Vaccine – Volume 35, Issue 1, Pages 1-200 (3 January 2017)

Vaccine
Volume 35, Issue 1, Pages 1-200 (3 January 2017)
http://www.sciencedirect.com/science/journal/0264410X/35/1

Vaccination against hepatitis B virus among people who inject drugs – A 20 year experience from a Swedish needle exchange program
Original Research Article
Pages 84-90
M. Alanko Blomé, P. Björkman, L. Flamholc, H. Jacobsson, A. Widell
Abstract
Background
People who inject drugs (PWID) are at particular risk of hepatitis B virus (HBV) acquisition, but often have poor access or adherence to HBV vaccination. Vaccination against HBV has been offered at a major Swedish needle exchange program (NEP) since 1994. The aim of this study was to evaluate vaccine completion and response rates, and the effect of sequential booster doses to non-responders to the standard vaccination schedule.
Methods
PWID enrolled in the NEP 1994–2013, without serological markers for HBV at baseline (negative for HBsAg/anti-HBc/anti-HBs), were offered a three-dose standard intramuscular vaccination schedule (Engerix®-B, GSK, 20 μg/mL, intended to be received at months 0, 1 and 6). Vaccination response was defined as protective levels of anti-HBs (⩾10 mIU/mL). Up to three booster doses were then offered for non-responders, each followed by anti-HBs testing.
Results
HBV data was available for 2352 identifiable individuals at NEP enrolment, of whom 1516 (64.5%) had no markers for previous HBV exposure or vaccination. Vaccination was initiated for 1142 (75.3%) individuals and 898 (59.2%) completed the standard vaccination schedule. Post-vaccination anti-HBs levels were available from 800 individuals, with 598 (74.8%) responding to the basic vaccination schedule. After up to three booster doses a total of 676 (84.5%) individuals achieved protective anti-HBs levels. Non-response to vaccination was associated with higher age and anti-HCV positivity (p < 0.001). Eighteen incident cases of HBV infection were observed among vaccine non-responders, as well as 30 cases among those who had not completed vaccination.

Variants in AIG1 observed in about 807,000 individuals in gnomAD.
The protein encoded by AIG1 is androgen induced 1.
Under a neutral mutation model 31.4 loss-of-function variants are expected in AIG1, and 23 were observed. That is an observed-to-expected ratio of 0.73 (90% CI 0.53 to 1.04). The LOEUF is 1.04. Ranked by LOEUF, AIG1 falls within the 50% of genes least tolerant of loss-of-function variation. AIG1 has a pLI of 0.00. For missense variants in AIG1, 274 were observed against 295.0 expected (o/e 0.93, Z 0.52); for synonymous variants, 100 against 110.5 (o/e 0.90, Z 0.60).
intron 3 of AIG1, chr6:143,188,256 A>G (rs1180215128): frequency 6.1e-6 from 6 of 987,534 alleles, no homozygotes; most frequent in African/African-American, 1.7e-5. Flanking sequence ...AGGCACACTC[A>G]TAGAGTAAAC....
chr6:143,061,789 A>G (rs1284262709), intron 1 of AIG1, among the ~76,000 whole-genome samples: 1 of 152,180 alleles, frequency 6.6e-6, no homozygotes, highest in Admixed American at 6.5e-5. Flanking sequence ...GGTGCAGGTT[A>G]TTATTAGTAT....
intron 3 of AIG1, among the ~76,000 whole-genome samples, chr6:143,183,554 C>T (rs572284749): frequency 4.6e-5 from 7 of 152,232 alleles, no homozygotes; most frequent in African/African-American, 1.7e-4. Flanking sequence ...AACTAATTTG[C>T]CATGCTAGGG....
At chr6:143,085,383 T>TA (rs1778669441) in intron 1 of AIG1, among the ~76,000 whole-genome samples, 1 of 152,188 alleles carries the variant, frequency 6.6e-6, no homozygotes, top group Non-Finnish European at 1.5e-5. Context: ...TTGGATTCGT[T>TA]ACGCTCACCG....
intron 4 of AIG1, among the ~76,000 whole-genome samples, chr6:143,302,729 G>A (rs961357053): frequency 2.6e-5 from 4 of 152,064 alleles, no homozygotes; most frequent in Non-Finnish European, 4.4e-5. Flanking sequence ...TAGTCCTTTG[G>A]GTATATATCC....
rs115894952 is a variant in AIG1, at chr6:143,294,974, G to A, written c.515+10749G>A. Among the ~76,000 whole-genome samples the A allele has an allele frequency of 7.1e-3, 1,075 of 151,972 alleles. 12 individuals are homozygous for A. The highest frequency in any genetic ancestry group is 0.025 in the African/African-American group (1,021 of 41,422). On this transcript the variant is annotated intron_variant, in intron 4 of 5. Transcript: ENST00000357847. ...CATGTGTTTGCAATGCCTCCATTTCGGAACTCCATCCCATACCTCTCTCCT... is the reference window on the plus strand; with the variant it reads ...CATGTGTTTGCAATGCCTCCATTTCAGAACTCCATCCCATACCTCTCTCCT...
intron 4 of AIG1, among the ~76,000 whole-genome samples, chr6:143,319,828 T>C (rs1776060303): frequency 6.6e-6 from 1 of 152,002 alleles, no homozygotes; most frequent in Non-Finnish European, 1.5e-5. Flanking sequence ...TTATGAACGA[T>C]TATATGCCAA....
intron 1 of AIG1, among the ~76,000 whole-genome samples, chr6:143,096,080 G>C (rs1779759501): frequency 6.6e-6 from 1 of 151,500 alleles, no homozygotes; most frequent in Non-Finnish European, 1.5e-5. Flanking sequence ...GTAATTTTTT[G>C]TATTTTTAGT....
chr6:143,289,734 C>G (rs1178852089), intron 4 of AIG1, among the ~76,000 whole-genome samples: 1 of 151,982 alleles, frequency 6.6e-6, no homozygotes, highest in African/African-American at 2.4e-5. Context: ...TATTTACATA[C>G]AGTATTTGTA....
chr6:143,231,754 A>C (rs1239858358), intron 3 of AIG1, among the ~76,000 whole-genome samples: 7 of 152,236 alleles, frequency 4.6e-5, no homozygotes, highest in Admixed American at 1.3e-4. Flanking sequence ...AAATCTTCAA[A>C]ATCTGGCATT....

Conclusion
We demonstrate the feasibility of including HBV vaccination in the services offered by a NEP, with completion of vaccination in a majority of HBV-susceptible PWID. The response to HBV vaccination among PWID was relatively low; however, the addition of up to three booster doses improved the response rate from 74.8 to 84.5%.